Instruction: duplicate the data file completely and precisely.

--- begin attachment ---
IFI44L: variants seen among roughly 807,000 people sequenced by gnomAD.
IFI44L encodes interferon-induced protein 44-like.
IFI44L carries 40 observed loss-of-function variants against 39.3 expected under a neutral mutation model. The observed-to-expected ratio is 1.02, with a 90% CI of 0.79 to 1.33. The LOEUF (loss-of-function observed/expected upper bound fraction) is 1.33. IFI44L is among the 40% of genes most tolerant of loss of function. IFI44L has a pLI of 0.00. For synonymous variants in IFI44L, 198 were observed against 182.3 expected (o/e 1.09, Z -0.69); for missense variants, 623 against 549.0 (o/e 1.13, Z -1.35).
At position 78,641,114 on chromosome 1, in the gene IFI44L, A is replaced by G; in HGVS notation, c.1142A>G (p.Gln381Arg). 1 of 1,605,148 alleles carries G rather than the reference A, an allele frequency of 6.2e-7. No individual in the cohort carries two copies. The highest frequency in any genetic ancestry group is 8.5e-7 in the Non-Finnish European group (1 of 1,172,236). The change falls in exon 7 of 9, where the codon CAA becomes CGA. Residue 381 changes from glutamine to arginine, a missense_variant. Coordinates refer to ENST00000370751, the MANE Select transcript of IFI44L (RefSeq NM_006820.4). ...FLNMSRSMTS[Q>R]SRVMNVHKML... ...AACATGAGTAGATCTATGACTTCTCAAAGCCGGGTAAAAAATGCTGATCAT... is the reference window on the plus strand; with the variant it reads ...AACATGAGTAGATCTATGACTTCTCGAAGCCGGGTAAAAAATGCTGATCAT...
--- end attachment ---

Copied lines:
IFI44L: variants seen among roughly 807,000 people sequenced by gnomAD.
IFI44L encodes interferon-induced protein 44-like.
IFI44L carries 40 observed loss-of-function variants against 39.3 expected under a neutral mutation model. The observed-to-expected ratio is 1.02, with a 90% CI of 0.79 to 1.33. The LOEUF (loss-of-function observed/expected upper bound fraction) is 1.33. IFI44L is among the 40% of genes most tolerant of loss of function. IFI44L has a pLI of 0.00. For synonymous variants in IFI44L, 198 were observed against 182.3 expected (o/e 1.09, Z -0.69); for missense variants, 623 against 549.0 (o/e 1.13, Z -1.35).
At position 78,641,114 on chromosome 1, in the gene IFI44L, A is replaced by G; in HGVS notation, c.1142A>G (p.Gln381Arg). 1 of 1,605,148 alleles carries G rather than the reference A, an allele frequency of 6.2e-7. No individual in the cohort carries two copies. The highest frequency in any genetic ancestry group is 8.5e-7 in the Non-Finnish European group (1 of 1,172,236). The change falls in exon 7 of 9, where the codon CAA becomes CGA. Residue 381 changes from glutamine to arginine, a missense_variant. Coordinates refer to ENST00000370751, the MANE Select transcript of IFI44L (RefSeq NM_006820.4). ...FLNMSRSMTS[Q>R]SRVMNVHKML... ...AACATGAGTAGATCTATGACTTCTCAAAGCCGGGTAAAAAATGCTGATCAT... is the reference window on the plus strand; with the variant it reads ...AACATGAGTAGATCTATGACTTCTCGAAGCCGGGTAAAAAATGCTGATCAT...